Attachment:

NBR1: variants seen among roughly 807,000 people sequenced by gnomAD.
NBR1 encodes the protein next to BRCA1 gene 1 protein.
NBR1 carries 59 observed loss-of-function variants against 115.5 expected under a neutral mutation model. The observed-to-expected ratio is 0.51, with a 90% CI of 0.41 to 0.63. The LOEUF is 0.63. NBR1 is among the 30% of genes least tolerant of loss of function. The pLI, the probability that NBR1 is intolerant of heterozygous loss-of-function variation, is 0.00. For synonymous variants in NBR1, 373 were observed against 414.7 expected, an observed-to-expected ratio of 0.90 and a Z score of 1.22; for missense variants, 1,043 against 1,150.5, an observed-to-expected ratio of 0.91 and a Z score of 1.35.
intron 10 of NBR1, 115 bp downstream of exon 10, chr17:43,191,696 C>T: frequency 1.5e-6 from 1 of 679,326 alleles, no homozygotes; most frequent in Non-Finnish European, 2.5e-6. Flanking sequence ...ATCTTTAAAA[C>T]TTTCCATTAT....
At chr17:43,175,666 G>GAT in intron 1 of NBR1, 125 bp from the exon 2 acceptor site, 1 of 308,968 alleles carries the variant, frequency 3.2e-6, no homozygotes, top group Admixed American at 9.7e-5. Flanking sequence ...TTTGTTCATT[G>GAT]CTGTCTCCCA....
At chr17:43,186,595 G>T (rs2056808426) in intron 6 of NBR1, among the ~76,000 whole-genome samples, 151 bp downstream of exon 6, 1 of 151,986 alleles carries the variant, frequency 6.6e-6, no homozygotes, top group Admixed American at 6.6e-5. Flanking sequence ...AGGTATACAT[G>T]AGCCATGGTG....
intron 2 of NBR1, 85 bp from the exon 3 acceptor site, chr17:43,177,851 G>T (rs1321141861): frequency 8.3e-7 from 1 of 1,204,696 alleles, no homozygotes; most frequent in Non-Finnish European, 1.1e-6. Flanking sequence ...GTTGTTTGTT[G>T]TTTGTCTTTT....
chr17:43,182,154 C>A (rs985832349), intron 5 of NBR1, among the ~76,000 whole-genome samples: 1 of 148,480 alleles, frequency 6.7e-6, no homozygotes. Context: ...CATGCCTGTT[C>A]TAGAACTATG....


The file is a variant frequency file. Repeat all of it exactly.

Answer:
NBR1: variants seen among roughly 807,000 people sequenced by gnomAD.
NBR1 encodes the protein next to BRCA1 gene 1 protein.
NBR1 carries 59 observed loss-of-function variants against 115.5 expected under a neutral mutation model. The observed-to-expected ratio is 0.51, with a 90% CI of 0.41 to 0.63. The LOEUF is 0.63. NBR1 is among the 30% of genes least tolerant of loss of function. The pLI, the probability that NBR1 is intolerant of heterozygous loss-of-function variation, is 0.00. For synonymous variants in NBR1, 373 were observed against 414.7 expected, an observed-to-expected ratio of 0.90 and a Z score of 1.22; for missense variants, 1,043 against 1,150.5, an observed-to-expected ratio of 0.91 and a Z score of 1.35.
intron 10 of NBR1, 115 bp downstream of exon 10, chr17:43,191,696 C>T: frequency 1.5e-6 from 1 of 679,326 alleles, no homozygotes; most frequent in Non-Finnish European, 2.5e-6. Flanking sequence ...ATCTTTAAAA[C>T]TTTCCATTAT....
At chr17:43,175,666 G>GAT in intron 1 of NBR1, 125 bp from the exon 2 acceptor site, 1 of 308,968 alleles carries the variant, frequency 3.2e-6, no homozygotes, top group Admixed American at 9.7e-5. Flanking sequence ...TTTGTTCATT[G>GAT]CTGTCTCCCA....
At chr17:43,186,595 G>T (rs2056808426) in intron 6 of NBR1, among the ~76,000 whole-genome samples, 151 bp downstream of exon 6, 1 of 151,986 alleles carries the variant, frequency 6.6e-6, no homozygotes, top group Admixed American at 6.6e-5. Flanking sequence ...AGGTATACAT[G>T]AGCCATGGTG....
intron 2 of NBR1, 85 bp from the exon 3 acceptor site, chr17:43,177,851 G>T (rs1321141861): frequency 8.3e-7 from 1 of 1,204,696 alleles, no homozygotes; most frequent in Non-Finnish European, 1.1e-6. Flanking sequence ...GTTGTTTGTT[G>T]TTTGTCTTTT....
chr17:43,182,154 C>A (rs985832349), intron 5 of NBR1, among the ~76,000 whole-genome samples: 1 of 148,480 alleles, frequency 6.7e-6, no homozygotes. Context: ...CATGCCTGTT[C>A]TAGAACTATG....